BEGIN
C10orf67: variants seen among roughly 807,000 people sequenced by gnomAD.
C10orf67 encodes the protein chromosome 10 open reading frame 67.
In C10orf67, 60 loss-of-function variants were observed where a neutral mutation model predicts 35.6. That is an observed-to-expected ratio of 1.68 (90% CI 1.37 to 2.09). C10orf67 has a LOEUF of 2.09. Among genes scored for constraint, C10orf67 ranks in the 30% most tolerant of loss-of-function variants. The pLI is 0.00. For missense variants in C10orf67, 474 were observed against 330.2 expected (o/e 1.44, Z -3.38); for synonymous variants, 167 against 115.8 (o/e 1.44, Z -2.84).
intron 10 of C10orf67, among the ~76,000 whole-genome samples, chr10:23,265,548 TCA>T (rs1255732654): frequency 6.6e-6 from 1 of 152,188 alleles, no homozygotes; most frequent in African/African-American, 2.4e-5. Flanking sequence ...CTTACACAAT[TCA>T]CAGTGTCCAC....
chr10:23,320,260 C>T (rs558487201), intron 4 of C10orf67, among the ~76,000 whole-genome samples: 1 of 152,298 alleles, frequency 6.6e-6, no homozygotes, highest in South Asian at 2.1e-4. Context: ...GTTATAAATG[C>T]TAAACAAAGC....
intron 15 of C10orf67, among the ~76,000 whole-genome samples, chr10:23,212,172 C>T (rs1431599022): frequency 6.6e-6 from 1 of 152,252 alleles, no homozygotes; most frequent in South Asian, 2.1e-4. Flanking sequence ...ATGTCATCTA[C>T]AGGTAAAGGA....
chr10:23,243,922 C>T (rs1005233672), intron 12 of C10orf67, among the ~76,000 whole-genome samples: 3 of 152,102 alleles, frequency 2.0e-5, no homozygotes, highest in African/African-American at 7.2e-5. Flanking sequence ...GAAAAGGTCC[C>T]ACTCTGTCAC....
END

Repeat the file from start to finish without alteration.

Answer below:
C10orf67: variants seen among roughly 807,000 people sequenced by gnomAD.
C10orf67 encodes the protein chromosome 10 open reading frame 67.
In C10orf67, 60 loss-of-function variants were observed where a neutral mutation model predicts 35.6. That is an observed-to-expected ratio of 1.68 (90% CI 1.37 to 2.09). C10orf67 has a LOEUF of 2.09. Among genes scored for constraint, C10orf67 ranks in the 30% most tolerant of loss-of-function variants. The pLI is 0.00. For missense variants in C10orf67, 474 were observed against 330.2 expected (o/e 1.44, Z -3.38); for synonymous variants, 167 against 115.8 (o/e 1.44, Z -2.84).
intron 10 of C10orf67, among the ~76,000 whole-genome samples, chr10:23,265,548 TCA>T (rs1255732654): frequency 6.6e-6 from 1 of 152,188 alleles, no homozygotes; most frequent in African/African-American, 2.4e-5. Flanking sequence ...CTTACACAAT[TCA>T]CAGTGTCCAC....
chr10:23,320,260 C>T (rs558487201), intron 4 of C10orf67, among the ~76,000 whole-genome samples: 1 of 152,298 alleles, frequency 6.6e-6, no homozygotes, highest in South Asian at 2.1e-4. Context: ...GTTATAAATG[C>T]TAAACAAAGC....
intron 15 of C10orf67, among the ~76,000 whole-genome samples, chr10:23,212,172 C>T (rs1431599022): frequency 6.6e-6 from 1 of 152,252 alleles, no homozygotes; most frequent in South Asian, 2.1e-4. Flanking sequence ...ATGTCATCTA[C>T]AGGTAAAGGA....
chr10:23,243,922 C>T (rs1005233672), intron 12 of C10orf67, among the ~76,000 whole-genome samples: 3 of 152,102 alleles, frequency 2.0e-5, no homozygotes, highest in African/African-American at 7.2e-5. Flanking sequence ...GAAAAGGTCC[C>T]ACTCTGTCAC....